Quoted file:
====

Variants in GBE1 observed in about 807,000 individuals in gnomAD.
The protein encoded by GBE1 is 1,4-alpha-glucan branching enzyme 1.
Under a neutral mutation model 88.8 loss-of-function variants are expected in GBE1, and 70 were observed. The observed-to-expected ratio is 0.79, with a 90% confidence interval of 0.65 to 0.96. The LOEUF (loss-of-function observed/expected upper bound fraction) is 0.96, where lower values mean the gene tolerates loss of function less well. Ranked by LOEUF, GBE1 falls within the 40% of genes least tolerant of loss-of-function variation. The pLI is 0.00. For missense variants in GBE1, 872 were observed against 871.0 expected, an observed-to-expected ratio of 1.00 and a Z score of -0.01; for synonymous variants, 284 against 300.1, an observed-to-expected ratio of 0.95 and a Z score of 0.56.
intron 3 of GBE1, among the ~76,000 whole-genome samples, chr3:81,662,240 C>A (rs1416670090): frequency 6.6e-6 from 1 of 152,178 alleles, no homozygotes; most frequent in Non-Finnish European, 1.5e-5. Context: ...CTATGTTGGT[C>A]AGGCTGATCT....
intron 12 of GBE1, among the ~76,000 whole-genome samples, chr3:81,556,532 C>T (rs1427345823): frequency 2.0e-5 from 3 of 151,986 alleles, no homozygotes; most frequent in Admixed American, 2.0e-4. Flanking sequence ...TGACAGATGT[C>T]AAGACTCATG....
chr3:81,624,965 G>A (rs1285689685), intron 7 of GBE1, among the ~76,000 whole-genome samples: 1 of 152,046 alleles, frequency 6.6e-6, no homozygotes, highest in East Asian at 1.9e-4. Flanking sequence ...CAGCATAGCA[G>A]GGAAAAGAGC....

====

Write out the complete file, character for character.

Variants in GBE1 observed in about 807,000 individuals in gnomAD.
The protein encoded by GBE1 is 1,4-alpha-glucan branching enzyme 1.
Under a neutral mutation model 88.8 loss-of-function variants are expected in GBE1, and 70 were observed. The observed-to-expected ratio is 0.79, with a 90% confidence interval of 0.65 to 0.96. The LOEUF (loss-of-function observed/expected upper bound fraction) is 0.96, where lower values mean the gene tolerates loss of function less well. Ranked by LOEUF, GBE1 falls within the 40% of genes least tolerant of loss-of-function variation. The pLI is 0.00. For missense variants in GBE1, 872 were observed against 871.0 expected, an observed-to-expected ratio of 1.00 and a Z score of -0.01; for synonymous variants, 284 against 300.1, an observed-to-expected ratio of 0.95 and a Z score of 0.56.
intron 3 of GBE1, among the ~76,000 whole-genome samples, chr3:81,662,240 C>A (rs1416670090): frequency 6.6e-6 from 1 of 152,178 alleles, no homozygotes; most frequent in Non-Finnish European, 1.5e-5. Context: ...CTATGTTGGT[C>A]AGGCTGATCT....
intron 12 of GBE1, among the ~76,000 whole-genome samples, chr3:81,556,532 C>T (rs1427345823): frequency 2.0e-5 from 3 of 151,986 alleles, no homozygotes; most frequent in Admixed American, 2.0e-4. Flanking sequence ...TGACAGATGT[C>T]AAGACTCATG....
chr3:81,624,965 G>A (rs1285689685), intron 7 of GBE1, among the ~76,000 whole-genome samples: 1 of 152,046 alleles, frequency 6.6e-6, no homozygotes, highest in East Asian at 1.9e-4. Flanking sequence ...CAGCATAGCA[G>A]GGAAAAGAGC....